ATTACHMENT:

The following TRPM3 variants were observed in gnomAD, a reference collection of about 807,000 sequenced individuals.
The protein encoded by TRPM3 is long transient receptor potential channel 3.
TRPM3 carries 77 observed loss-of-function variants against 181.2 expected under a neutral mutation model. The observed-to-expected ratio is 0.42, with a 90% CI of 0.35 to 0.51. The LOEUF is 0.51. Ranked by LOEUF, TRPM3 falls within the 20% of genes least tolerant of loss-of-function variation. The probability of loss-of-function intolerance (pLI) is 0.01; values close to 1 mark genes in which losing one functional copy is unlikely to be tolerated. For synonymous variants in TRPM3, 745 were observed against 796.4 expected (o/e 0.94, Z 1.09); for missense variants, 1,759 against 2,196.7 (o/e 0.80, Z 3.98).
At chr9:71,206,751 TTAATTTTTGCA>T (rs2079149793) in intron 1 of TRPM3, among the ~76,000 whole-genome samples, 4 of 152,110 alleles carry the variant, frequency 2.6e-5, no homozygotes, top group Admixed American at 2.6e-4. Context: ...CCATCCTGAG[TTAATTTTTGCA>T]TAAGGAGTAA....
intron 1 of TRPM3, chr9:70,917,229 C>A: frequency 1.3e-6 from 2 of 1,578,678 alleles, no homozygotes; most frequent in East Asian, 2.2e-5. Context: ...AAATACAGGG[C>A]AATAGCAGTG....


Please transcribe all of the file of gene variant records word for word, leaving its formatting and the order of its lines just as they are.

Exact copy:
The following TRPM3 variants were observed in gnomAD, a reference collection of about 807,000 sequenced individuals.
The protein encoded by TRPM3 is long transient receptor potential channel 3.
TRPM3 carries 77 observed loss-of-function variants against 181.2 expected under a neutral mutation model. The observed-to-expected ratio is 0.42, with a 90% CI of 0.35 to 0.51. The LOEUF is 0.51. Ranked by LOEUF, TRPM3 falls within the 20% of genes least tolerant of loss-of-function variation. The probability of loss-of-function intolerance (pLI) is 0.01; values close to 1 mark genes in which losing one functional copy is unlikely to be tolerated. For synonymous variants in TRPM3, 745 were observed against 796.4 expected (o/e 0.94, Z 1.09); for missense variants, 1,759 against 2,196.7 (o/e 0.80, Z 3.98).
At chr9:71,206,751 TTAATTTTTGCA>T (rs2079149793) in intron 1 of TRPM3, among the ~76,000 whole-genome samples, 4 of 152,110 alleles carry the variant, frequency 2.6e-5, no homozygotes, top group Admixed American at 2.6e-4. Context: ...CCATCCTGAG[TTAATTTTTGCA>T]TAAGGAGTAA....
intron 1 of TRPM3, chr9:70,917,229 C>A: frequency 1.3e-6 from 2 of 1,578,678 alleles, no homozygotes; most frequent in East Asian, 2.2e-5. Context: ...AAATACAGGG[C>A]AATAGCAGTG....